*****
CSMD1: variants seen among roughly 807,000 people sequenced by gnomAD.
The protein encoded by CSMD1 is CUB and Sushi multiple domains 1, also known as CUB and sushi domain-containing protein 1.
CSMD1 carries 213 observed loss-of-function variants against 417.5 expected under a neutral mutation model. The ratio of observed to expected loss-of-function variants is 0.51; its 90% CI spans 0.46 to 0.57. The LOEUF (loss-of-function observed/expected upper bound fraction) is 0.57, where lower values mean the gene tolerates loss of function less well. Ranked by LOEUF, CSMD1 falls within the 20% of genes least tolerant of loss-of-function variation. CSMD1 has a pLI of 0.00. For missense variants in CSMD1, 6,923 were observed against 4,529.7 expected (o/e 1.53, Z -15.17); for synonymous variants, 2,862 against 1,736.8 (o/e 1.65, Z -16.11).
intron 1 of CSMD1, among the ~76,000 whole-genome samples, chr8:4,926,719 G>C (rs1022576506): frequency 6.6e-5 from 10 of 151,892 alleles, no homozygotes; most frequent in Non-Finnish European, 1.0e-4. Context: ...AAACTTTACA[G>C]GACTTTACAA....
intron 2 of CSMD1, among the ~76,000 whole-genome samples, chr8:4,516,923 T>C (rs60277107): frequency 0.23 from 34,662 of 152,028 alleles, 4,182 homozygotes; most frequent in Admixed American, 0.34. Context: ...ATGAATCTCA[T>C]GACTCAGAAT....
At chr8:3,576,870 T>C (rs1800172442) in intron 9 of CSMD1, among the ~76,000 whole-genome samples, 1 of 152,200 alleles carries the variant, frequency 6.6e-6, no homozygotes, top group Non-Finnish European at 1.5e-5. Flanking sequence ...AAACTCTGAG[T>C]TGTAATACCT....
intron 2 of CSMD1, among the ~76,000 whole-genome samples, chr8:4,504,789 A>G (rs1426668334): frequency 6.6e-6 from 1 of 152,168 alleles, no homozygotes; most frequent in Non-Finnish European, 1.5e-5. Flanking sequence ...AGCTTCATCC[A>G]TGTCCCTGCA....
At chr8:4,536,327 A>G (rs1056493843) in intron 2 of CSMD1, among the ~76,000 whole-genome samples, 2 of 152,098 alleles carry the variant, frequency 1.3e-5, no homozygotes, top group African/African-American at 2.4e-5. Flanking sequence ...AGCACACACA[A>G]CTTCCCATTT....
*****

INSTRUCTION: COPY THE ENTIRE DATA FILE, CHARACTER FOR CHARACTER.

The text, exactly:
CSMD1: variants seen among roughly 807,000 people sequenced by gnomAD.
The protein encoded by CSMD1 is CUB and Sushi multiple domains 1, also known as CUB and sushi domain-containing protein 1.
CSMD1 carries 213 observed loss-of-function variants against 417.5 expected under a neutral mutation model. The ratio of observed to expected loss-of-function variants is 0.51; its 90% CI spans 0.46 to 0.57. The LOEUF (loss-of-function observed/expected upper bound fraction) is 0.57, where lower values mean the gene tolerates loss of function less well. Ranked by LOEUF, CSMD1 falls within the 20% of genes least tolerant of loss-of-function variation. CSMD1 has a pLI of 0.00. For missense variants in CSMD1, 6,923 were observed against 4,529.7 expected (o/e 1.53, Z -15.17); for synonymous variants, 2,862 against 1,736.8 (o/e 1.65, Z -16.11).
intron 1 of CSMD1, among the ~76,000 whole-genome samples, chr8:4,926,719 G>C (rs1022576506): frequency 6.6e-5 from 10 of 151,892 alleles, no homozygotes; most frequent in Non-Finnish European, 1.0e-4. Context: ...AAACTTTACA[G>C]GACTTTACAA....
intron 2 of CSMD1, among the ~76,000 whole-genome samples, chr8:4,516,923 T>C (rs60277107): frequency 0.23 from 34,662 of 152,028 alleles, 4,182 homozygotes; most frequent in Admixed American, 0.34. Context: ...ATGAATCTCA[T>C]GACTCAGAAT....
At chr8:3,576,870 T>C (rs1800172442) in intron 9 of CSMD1, among the ~76,000 whole-genome samples, 1 of 152,200 alleles carries the variant, frequency 6.6e-6, no homozygotes, top group Non-Finnish European at 1.5e-5. Flanking sequence ...AAACTCTGAG[T>C]TGTAATACCT....
intron 2 of CSMD1, among the ~76,000 whole-genome samples, chr8:4,504,789 A>G (rs1426668334): frequency 6.6e-6 from 1 of 152,168 alleles, no homozygotes; most frequent in Non-Finnish European, 1.5e-5. Flanking sequence ...AGCTTCATCC[A>G]TGTCCCTGCA....
At chr8:4,536,327 A>G (rs1056493843) in intron 2 of CSMD1, among the ~76,000 whole-genome samples, 2 of 152,098 alleles carry the variant, frequency 1.3e-5, no homozygotes, top group African/African-American at 2.4e-5. Flanking sequence ...AGCACACACA[A>G]CTTCCCATTT....